They come in fancy and colourful packaging and promise to provide your child with energy and vital nutrients that are essential for growing up well. We often get swayed by the claims made by supposedly ‘healthy’ foods and rush to the supermarket to buy them. Some of these products even become a part of our children’s regular diet.
But is there more than meets the eye? Parents need to be aware of the negative health effects of some of these foods that might be highly processed and loaded with sugar and harmful preservatives.
According to a draft guideline published by the World Health Organisation (WHO), reducing sugar to less than five per cent of total calorie intake per day would have additional public health benefits. The American Heart Association recommends that just four teaspoons of added sugar a day for children is enough, which also corresponds to a limit of 5 per cent of calories.
Here we give you a lowdown on the ‘healthy’ foods which are actually not that healthy.
1. Packaged juice
Children cannot resist this and in the hot summer months, a chilled carton of fruit juice seems like the right choice for them to beat the heat. The claims of 100 per cent fruit make parents believe that it is good for their child. But is it really? A report on packaged fruit drinks in the Indian Pediatrics journal says that rarely do these products have 100 per cent juice and even 100 per cent is not equivalent to whole fruits. This is what the report says -- “Fruits supply fibres and phytochemicals to diet, which are not present in juices. Fruit drinks, thought to be a complete source of energy, vitamins and minerals are actually mere sweet drinks and a poor source of nutrition.” These juices are packed with sugar, containing much more than the stipulated 10 g.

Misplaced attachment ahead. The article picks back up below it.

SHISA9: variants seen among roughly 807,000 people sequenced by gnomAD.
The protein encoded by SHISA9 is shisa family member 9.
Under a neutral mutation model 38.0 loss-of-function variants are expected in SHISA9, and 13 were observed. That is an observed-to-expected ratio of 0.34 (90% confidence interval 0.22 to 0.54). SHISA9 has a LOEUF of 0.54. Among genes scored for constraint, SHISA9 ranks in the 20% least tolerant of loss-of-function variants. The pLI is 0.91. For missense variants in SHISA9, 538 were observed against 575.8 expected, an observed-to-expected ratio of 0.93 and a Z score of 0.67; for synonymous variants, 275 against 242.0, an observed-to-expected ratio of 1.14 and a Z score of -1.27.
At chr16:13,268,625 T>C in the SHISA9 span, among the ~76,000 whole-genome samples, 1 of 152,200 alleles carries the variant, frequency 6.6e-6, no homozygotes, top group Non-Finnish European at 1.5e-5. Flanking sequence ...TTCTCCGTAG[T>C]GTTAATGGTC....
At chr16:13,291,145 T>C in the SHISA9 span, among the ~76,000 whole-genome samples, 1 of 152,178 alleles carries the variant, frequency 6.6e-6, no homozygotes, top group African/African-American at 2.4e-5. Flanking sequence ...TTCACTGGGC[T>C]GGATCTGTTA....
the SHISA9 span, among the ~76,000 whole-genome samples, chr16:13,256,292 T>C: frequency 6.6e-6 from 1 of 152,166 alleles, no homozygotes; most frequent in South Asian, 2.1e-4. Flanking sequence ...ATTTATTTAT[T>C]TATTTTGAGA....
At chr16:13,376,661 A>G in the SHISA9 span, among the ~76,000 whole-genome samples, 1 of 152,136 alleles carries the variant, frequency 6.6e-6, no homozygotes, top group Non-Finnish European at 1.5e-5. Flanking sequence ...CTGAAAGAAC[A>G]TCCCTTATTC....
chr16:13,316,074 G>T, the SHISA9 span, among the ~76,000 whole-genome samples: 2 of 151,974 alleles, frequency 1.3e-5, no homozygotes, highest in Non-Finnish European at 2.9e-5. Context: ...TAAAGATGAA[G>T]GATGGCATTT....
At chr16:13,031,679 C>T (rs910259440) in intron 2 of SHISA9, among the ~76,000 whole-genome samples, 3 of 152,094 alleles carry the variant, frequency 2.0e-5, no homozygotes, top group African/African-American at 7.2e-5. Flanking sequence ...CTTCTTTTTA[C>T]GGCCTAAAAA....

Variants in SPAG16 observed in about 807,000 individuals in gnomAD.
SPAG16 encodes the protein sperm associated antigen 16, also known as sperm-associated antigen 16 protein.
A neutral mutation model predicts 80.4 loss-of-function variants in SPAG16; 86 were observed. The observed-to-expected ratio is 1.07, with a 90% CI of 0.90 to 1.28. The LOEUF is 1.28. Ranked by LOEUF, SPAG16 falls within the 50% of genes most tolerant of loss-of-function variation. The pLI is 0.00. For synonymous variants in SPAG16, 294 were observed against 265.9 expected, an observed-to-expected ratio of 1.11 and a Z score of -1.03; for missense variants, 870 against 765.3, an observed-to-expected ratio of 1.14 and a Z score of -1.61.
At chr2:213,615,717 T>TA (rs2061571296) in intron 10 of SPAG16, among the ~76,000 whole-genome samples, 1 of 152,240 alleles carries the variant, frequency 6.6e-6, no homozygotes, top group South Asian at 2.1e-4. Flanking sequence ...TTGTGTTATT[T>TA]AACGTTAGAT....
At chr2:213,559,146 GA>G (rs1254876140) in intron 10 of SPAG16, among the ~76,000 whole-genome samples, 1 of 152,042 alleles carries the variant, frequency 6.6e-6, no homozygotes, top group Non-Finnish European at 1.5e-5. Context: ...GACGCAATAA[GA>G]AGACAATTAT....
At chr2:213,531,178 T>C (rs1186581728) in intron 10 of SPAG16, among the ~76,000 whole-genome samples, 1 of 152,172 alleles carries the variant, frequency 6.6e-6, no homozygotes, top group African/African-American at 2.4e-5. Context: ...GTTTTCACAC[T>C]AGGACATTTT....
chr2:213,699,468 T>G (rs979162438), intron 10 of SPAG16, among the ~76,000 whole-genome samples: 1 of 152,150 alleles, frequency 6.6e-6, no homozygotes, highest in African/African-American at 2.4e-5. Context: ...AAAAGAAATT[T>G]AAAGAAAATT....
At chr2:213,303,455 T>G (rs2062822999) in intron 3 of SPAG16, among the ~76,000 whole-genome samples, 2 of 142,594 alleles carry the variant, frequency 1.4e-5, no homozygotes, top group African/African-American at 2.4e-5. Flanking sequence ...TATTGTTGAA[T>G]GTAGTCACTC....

Nutrition information: Energy - 54 Kcal, Carbs - 13.2 g of which sugar is 13.2 g, Protein - 0.2 g, Saturated fat - 0 %
Alternatives: Give whole fruits to kids instead of giving packaged juice. The act of peeling and chewing connects them to the food. If the child is a poor eater then you can make fruit smoothies or milkshakes to give them the necessary nutrients from fruits.
2. Store-bought muffins
These might be really hard to resist because of their soft texture and delicious taste but some have really high calorie content and negligible dietary fibre compared to homemade ones. Ideally, one item such as this one should not exceed 200 calories. If a child eats two small muffins a day, the calorie intake goes up considerably. The sugar content in these products are really high and exceeds what is allowed. The pack of two muffins that we examined had more than 10 g of sugar. Typically children are allowed 10 to 13 g of added sugar apart from what they get from natural foods and it is a worry if they get most of this from one particular snack.
Nutrition information: 472 Kcal per 100 g, Carbs - 79.46 g, Sugar - 26 g, Protein - 6.01 g, Dietary fibre - 1.4 g
Alternatives: Homemade muffin is the best bet -- you can make them with wheat flour or oats and use honey or banana as natural sweeteners. These will be equally tasty and much healthier than shop-bought options. Try adding walnuts or almonds to make it more nutritious. A once-in-awhile treat of a tasty shop-bought muffin should not be a problem.
3. Sugar-coated breakfast cereals